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Hanshaw: Changes under consideration for legislative session because of pandemic

CHARLESTON, W.Va. — There are a number of scenarios under consideration by legislative leaders on how next year’s regular legislative session may look if the COVID-19 pandemic continues.

House Speaker Roger Hanshaw, R-Clay

“We’ll have something. It remains to be seen exactly what it is,” House of Delegates Speaker Roger Hanshaw, R-Clay, said during a recent appearance on MetroNews “Talkline.”

The legislature has a constitutional obligation to pass a budget for the state but some other things are optional, Hanshaw said.

“We will do that. It’s just a question of what else we will do and how far we will go in terms of business of the legislature,” Hanshaw said.

Even in the best of times the capitol during a legislative session is a great place to get sick, Hanshaw said.

“We don’t want to contribute to that,” he said.

Social distancing would have its challenges. Most of the committee rooms are small and there are standing-room-only crowds at times for even routine business.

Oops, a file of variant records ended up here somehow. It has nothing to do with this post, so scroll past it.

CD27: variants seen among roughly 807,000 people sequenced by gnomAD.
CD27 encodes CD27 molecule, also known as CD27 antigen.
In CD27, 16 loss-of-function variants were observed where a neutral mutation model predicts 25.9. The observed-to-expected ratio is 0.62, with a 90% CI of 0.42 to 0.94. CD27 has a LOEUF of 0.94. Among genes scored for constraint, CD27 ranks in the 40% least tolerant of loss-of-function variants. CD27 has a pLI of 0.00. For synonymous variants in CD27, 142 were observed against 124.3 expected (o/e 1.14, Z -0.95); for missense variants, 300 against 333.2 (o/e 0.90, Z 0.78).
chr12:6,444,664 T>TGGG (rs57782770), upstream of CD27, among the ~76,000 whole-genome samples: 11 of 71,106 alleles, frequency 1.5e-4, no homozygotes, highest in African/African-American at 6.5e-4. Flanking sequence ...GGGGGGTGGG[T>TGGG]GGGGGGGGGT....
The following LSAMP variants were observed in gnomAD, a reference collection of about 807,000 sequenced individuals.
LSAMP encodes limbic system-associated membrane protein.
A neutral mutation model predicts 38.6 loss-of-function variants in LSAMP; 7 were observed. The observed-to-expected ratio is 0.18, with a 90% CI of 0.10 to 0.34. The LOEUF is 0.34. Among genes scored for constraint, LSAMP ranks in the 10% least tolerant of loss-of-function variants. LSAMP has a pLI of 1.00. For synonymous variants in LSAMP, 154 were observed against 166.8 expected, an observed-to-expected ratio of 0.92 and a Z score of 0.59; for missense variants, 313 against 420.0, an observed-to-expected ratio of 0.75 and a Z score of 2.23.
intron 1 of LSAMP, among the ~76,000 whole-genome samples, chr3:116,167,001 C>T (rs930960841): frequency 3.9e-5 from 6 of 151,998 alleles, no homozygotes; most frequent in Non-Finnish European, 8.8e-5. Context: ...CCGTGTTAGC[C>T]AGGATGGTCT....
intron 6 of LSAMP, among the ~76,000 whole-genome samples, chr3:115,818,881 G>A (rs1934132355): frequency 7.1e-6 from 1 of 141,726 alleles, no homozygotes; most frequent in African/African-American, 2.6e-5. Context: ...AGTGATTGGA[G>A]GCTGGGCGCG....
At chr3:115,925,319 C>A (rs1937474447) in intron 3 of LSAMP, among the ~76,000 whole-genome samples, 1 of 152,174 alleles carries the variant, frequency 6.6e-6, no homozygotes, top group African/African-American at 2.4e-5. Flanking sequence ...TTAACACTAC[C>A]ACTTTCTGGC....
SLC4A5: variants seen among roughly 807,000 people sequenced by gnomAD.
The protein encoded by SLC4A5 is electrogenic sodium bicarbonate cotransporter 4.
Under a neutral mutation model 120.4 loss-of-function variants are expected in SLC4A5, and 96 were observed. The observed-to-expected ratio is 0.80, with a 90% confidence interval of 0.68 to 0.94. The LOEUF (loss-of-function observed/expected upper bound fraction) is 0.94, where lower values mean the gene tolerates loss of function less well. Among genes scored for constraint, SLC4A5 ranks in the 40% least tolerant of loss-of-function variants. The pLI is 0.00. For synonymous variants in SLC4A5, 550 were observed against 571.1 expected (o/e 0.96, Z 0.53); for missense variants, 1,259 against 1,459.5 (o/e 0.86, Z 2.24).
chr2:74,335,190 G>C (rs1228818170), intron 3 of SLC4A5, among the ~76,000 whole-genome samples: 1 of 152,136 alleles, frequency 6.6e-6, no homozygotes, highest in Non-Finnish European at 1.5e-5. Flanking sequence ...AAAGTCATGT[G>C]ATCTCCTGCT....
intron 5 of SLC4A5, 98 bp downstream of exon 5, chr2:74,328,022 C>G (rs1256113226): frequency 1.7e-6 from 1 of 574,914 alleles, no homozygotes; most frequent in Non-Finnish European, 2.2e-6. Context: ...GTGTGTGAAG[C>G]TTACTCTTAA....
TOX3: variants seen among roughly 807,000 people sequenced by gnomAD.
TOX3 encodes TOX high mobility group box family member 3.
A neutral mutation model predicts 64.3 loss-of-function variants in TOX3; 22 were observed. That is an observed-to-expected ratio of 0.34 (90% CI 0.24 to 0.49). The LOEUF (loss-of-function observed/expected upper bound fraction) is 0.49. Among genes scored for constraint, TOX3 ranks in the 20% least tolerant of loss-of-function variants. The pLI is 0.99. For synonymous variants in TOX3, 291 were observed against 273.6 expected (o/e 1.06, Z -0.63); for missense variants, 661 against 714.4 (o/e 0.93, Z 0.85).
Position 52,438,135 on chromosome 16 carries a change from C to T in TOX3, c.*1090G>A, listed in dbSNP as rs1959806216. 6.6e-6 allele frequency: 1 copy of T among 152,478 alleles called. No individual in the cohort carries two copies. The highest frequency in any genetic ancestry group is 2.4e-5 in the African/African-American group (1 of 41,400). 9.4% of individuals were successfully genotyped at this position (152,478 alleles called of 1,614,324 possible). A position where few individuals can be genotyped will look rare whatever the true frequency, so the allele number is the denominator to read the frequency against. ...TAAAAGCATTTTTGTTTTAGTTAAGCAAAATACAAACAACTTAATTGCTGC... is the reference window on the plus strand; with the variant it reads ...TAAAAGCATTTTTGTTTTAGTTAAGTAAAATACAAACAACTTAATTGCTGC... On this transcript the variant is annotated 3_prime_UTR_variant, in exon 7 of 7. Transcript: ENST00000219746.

Hanshaw said the House staff and House Clerk’s Office have been doing research and while there appears no path to be able to hold floor sessions remotely, it’s possible committee meetings could be. He said floor votes on bills could be done in person but on a staggered schedule to limit the number of people in the capitol at any one time.

The House refers most bills to at least two committees, Hanshaw said that also may change as part of the COVID response.

“Maybe we don’t do that this coming session, maybe we identify the bills that we believe we want to get across the line and become law and refer those to only a single committee to limit the amount of time that members have to spend in close proximity to each other,” Hanshaw said.

The legislature is scheduled to meet for one day in January to begin the session and then break for a month to allow the winner of the governor’s race to prepare for inauguration and the session. The 60-day session would begin in earnest in early February.

Hanshaw said there’s also the possibility lawmakers could agree to delay some of the business usually done in a regular session until later in 2021 when a special session will be held on redistricting.

“We know that will happen regardless so the question of how much business must we do during the regular session in February is colored a bit by the fact that we know we will be coming back into session later in the year,” Hanshaw said. “Things that ought to be done but don’t necessarily have to be done could theoretically be punted to that session later in the year.”





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